by Abu Aaliyah
The research of Albert Meharbian is often misinterpreted. It is often believed that his work is the result of the following saying, “What you say is more important than how you say it”1. However, what you say is as important as how you say it since it is often the combination of the two that determines our attitude. And because our attitude in life correlates with our level of gratefulness, what we say and do ultimately determines how grateful we are.
But is it necessary to act upon the feeling? Perhaps, William Arthur Ward, the inspirational writer from the early part of the 20th century, said it best2,
“Feeling gratitude and not expressing it is like wrapping a gift and not giving it.” (click to tweet)
There appear to be a few implications of this axiom, the first of which is that that gratitude is firstly felt. And that in its lowest and least desirable form it is a transient feeling of awe felt internally without any outward action. What he may have also been suggesting, however, is that at its peak, gratitude is a constant state of expression. It is having the recognition and awareness of one’s moment-to-moment blessings in the heart and mind, knowledge of where the blessings are coming from, and following through with action.
These assumptions seem to fit well with research that shows that gratitude can exist either as a state or trait in people. As a state, gratitude is the emotion a person experiences from another individual’s expression of gratitude26. But as a trait, gratitude is practiced as a daily part of life27 .
In his work, Patience and Gratitude, Ibn al Qayyim al Jawziyyah (May Allah be pleased with him) describes three dimensions of gratitude3:
- Knowing that the blessings are from Allah only (the foundation of gratefulness)
- Recognition and awareness of His blessings (in one’s heart and speech)
- Performing deeds to show gratefulness (obligatory and recommended)
Gratitude is when we appreciate that which is valuable and meaningful. Gratitude is also our default condition. Our Lord created us for gratitude 4. He also made us testify concerning ourselves to His existence 5. And our Prophet (Peace be upon him) reinforced this point, saying, “No one is born except upon natural instinct, then his parents turn him into a Jew or Christian or Magian”6. Thus, gratitude appears to be the natural position towards which our souls incline.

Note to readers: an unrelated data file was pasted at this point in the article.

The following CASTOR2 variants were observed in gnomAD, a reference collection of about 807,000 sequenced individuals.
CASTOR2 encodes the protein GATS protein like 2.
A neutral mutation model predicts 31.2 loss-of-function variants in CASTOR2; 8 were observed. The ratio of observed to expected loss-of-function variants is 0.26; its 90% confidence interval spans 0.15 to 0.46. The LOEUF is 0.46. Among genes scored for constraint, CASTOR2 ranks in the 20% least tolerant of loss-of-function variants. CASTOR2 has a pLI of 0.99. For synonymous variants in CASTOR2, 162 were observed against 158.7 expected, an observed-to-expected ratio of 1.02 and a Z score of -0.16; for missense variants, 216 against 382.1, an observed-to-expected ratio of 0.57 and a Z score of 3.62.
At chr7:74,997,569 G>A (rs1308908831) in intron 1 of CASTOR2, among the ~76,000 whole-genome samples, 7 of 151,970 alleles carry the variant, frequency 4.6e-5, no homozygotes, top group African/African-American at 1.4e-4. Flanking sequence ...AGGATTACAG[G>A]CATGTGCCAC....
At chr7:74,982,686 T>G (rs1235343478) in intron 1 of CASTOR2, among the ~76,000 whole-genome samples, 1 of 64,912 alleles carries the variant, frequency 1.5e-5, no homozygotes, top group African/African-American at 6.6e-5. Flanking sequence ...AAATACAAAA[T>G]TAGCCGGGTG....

Yet despite this natural inclination, the nature of our existence in this world and the tests accompanying it make expressing gratitude challenging. Allah mentions this in the Qur’an when He states, “Indeed God is the possessor of all bounty for all people but most people do not give thanks.” 7 (click to tweet)
In a 2013 survey on gratitude by the University of Berkeley, most people reportedly felt that their own gratitude was increasing while everyone else’s was decreasing – an impossible result! One interpretation of the paradox was that although we feel grateful, we fail at expressing it8.
Reasons for this appear two-fold:
- The External Fight: Iblees has made it his mission to lead us astray from the straight path – “You will not find most of them as thankful ones (i.e. they will not be dutiful to You)’” 9. Additionally, an unproductive, negative, or traumatic environment or childhood circumstances can significantly distort our thinking, making the expression of gratitude challenging.
- The Internal Fight: We are all subject to a part of ourselves called the nafs which some refer to as the ego. The nafs has anger, passion, lust, desire – some might refer to as the carnal self or the carnal soul. Either we master it or it masters us and when the latter occurs, expression of gratitude becomes increasingly challenging. Furthermore, if we fail to address the distortions in our thinking due to our experiences, we may find gratitude much more difficult to express.
For these reasons, gratitude may appear not to come naturally to us due to the forces within ourselves as well as external to us that we are fighting against to return to our natural position.
It is for these reasons that Allah repeatedly reminds us to be grateful:
- Show gratitude 10
- Be grateful to Me 11
- that you may give thanks to Allah 12
- He showed his gratitude to Allah 13
- Be grateful to Allah 14
Our Prophet (Peace Be Upon Him) also reminded us when he asked Mu’adh ibn Jabal (RA) to make the following du’a at the end of every prayer,
Allahumma inni ala Zikrika wa Shukrika wa husni ibadatika (O Allah, aid me in Your Remembrance, Your thanks, and in perfecting Your worship).” 15
Furthermore, actions alone do not satisfy conditions of gratitude. The action must be aligned with the correct understanding of Allah and His blessings upon us. Ibn al-Qayyim (Rahimahullah) narrates a story of a worshipper who worshipped Allah for fifty years. Afterwards, Allah told him that He had forgiven him. The man replied, “O Allah, what is there to forgive when I have not committed a wrong action?” As a result, Allah caused a nerve in his neck to give him pain, so he could not sleep or pray. When the pain eased and he was able to sleep, an angel came to him, so he complained to the angel of the pain he had suffered. The angel told him: “Your Lord says to you that your fifty years of worship is to pay for the soothing of your pain.” 3
Secular views on gratitude simulate the Islamic perspective. Dr. Robert Emmons, who has done much research on this subject, states that gratitude has two stages30:
- Acknowledgement of goodness in one’s life. That we are grateful for us. We are grateful for life and living with all its detail. We recognize that life has it’s ups and downs yet we embrace all of it. We are gratified by whatever comes our way.